Jenny Holland

1. Tell us about your current job.

I am an Assistant Professor of Politics and Government at Ohio Wesleyan University (OWU), a privaHollandte, liberal arts university in central Ohio. I teach courses in American politics including Voting and Elections, Media and Politics, and Political Parties, as well as Research Methods in Political Science. I also serve as the Director of the Ohio Program (housed within OWU’s Arneson Institute for Practical Politics and Public Affairs), which helps facilitate and oversee state and local internships for OWU students. Our proximity to Columbus makes this especially exciting, as the state capitol creates unique and ripe opportunities for our students. Working at a small liberal arts school is a great fit for me. I have small class sizes, which encourages high quality interaction with my students and yet there are still rigorous research standards which require that our faculty keep up-to-date in their respective fields.

Additionally, part of what we do at the Arneson Institute is facilitate student internship experiences in Washington, D.C. and the state, county, and city levels, as well as host regular academic lectures on campus. Among the most recent political scientists we have had the privilege of hosting on campus were John Sides (George Washington University) and Morris Fiorina (Stanford University), who spoke on their current research and the 2014 midterm elections. On a personal note, as we enter the 2016 campaign cycle, I am looking forward to the campaign activity of a battleground state, including the inundation of political advertising, get-out-the-vote efforts, and candidate visits.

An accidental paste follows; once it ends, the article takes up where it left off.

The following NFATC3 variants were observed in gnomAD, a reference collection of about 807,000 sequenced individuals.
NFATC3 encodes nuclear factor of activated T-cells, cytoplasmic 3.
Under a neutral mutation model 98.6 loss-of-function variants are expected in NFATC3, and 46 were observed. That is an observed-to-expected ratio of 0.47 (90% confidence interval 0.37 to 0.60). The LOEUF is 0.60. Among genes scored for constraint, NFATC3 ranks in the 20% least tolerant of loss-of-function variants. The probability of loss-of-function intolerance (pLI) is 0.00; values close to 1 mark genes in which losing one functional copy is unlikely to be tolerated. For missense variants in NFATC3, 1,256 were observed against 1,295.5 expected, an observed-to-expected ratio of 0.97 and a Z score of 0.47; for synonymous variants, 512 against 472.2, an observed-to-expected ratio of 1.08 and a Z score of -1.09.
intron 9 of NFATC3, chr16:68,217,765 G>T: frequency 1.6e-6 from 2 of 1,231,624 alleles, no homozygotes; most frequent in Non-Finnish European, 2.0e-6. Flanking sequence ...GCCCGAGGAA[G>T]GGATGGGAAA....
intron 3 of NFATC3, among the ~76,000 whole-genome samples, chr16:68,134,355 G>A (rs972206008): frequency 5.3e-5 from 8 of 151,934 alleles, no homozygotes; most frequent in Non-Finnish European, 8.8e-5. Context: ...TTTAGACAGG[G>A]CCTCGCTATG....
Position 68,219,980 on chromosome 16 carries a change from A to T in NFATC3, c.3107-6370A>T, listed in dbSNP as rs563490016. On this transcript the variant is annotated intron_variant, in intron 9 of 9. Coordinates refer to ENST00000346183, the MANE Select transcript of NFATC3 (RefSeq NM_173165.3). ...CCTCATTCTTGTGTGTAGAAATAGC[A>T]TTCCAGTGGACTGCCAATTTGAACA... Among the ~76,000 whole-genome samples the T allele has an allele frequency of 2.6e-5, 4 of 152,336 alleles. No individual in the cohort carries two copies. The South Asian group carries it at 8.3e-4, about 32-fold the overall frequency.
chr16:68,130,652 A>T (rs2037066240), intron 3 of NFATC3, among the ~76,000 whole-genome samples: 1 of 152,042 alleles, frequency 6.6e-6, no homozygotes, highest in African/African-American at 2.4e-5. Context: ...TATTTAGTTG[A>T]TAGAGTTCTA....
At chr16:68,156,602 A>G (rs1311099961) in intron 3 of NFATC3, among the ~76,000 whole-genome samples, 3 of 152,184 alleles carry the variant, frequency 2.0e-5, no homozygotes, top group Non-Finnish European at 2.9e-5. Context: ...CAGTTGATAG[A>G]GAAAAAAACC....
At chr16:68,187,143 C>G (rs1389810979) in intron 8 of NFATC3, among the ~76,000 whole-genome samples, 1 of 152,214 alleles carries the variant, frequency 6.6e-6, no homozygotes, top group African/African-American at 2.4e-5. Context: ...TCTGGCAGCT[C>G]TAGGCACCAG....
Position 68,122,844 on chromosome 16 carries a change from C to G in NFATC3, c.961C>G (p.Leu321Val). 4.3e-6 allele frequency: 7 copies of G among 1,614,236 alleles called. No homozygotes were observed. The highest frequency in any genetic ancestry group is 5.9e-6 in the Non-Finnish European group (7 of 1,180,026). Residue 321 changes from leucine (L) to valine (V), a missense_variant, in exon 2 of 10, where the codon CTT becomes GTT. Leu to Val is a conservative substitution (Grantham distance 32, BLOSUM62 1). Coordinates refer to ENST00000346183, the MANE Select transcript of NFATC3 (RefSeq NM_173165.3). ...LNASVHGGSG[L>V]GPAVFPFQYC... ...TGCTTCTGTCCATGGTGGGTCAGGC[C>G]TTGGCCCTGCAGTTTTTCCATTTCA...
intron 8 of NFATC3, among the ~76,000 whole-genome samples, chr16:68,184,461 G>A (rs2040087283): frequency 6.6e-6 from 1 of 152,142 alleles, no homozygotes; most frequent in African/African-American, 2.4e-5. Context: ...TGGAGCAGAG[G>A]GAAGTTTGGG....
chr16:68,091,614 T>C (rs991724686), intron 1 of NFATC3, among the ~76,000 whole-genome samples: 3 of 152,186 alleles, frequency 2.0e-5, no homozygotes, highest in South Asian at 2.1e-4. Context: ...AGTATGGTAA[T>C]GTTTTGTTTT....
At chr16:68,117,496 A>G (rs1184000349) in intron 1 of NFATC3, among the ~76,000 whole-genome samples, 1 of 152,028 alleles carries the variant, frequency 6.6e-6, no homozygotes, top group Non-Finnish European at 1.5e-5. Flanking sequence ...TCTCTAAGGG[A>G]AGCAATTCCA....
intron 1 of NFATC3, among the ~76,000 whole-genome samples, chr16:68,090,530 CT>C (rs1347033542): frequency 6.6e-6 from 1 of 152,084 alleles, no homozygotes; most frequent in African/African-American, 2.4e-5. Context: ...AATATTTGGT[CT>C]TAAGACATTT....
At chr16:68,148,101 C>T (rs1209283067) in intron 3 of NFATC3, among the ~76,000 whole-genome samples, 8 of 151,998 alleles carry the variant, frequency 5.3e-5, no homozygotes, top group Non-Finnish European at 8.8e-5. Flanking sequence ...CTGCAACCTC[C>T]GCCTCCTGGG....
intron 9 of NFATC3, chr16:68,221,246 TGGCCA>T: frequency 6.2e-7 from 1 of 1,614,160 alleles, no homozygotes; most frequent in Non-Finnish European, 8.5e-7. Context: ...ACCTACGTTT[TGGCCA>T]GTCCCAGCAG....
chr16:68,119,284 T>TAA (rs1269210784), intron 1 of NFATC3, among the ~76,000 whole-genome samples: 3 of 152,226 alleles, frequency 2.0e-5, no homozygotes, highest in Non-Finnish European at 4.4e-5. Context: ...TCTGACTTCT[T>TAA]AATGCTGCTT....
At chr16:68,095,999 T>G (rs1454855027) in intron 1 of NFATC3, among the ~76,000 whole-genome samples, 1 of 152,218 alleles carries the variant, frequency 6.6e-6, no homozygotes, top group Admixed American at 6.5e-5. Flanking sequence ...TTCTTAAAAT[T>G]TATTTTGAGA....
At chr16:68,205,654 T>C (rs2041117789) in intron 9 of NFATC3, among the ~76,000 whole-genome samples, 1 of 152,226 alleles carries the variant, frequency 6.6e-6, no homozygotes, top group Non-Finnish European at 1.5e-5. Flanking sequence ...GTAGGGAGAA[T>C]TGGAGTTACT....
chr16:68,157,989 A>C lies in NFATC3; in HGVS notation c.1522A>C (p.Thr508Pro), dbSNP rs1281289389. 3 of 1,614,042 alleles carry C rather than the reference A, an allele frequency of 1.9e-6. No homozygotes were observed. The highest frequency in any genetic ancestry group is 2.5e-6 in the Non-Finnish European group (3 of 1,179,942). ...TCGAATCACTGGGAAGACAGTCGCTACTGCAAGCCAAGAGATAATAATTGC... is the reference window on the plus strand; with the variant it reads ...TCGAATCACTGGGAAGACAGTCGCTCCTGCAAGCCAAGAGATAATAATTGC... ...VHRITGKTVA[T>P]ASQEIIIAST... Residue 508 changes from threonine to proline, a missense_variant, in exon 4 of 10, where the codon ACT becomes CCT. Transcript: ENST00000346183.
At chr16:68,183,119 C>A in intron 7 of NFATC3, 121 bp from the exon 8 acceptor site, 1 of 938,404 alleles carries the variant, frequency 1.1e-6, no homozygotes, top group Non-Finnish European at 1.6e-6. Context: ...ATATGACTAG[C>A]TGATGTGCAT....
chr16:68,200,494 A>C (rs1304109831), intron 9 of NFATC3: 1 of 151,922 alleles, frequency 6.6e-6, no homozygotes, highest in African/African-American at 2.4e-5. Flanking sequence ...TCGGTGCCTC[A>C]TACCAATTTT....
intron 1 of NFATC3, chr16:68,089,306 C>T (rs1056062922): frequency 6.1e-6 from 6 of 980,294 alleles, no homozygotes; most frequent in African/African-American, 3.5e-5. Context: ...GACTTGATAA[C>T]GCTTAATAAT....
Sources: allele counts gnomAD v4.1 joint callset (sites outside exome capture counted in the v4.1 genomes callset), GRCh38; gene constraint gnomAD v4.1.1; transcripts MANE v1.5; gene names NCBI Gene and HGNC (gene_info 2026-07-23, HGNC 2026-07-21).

2. Tell us about a research project you’re working on now.

My research interests include generational and age-related cleavages in the American electorate, and how those differences influence voting behavior and political preferences more broadly. I am currently working on a project that examines the appeal of mainstream and insurgent candidates in presidential nomination campaigns. After taking into account partisanship and ideology, I specifically ask why younger voters and older voters tend to diverge in their vote choices. For example, in 2008 younger people overwhelmingly preferred Barack Obama while older people overwhelmingly preferred Hillary Clinton. In that same year, younger voters flocked to Ron Paul over other mainstream Republicans. Some of these same patterns are emerging in the 2016 race, with younger voters preferring Democrat Bernie Sanders over other mainstream and insurgent candidates. Why might this be the case, and how far do these patterns generalize?

3. Would you recommend WSU’s Ph.D. program to others? Why?

Yes, I would recommend WSU’s PhD program to others. Not only did I receive first-rate training at WSU, but I also had committed mentors and numerous opportunities to conduct research, publish, teach, write grants, and attend methodology workshops – all of which helped make me a competitive candidate on the job market.

The courses I took while in the program were taught by renowned researchers in their subfields and the training was both rigorous and challenging. I had the opportunity to work as a research assistant, publish with several professors, teach several sections of different undergraduate courses, and even serve as co-principle investigator on a large grant with a professor in the department. In addition, I received university support to attend methodology workshops, which further strengthened my quantitative and qualitative skills. In short, my time at WSU was invaluable in giving me the training and experience I needed to be successful both on the job market and in my career.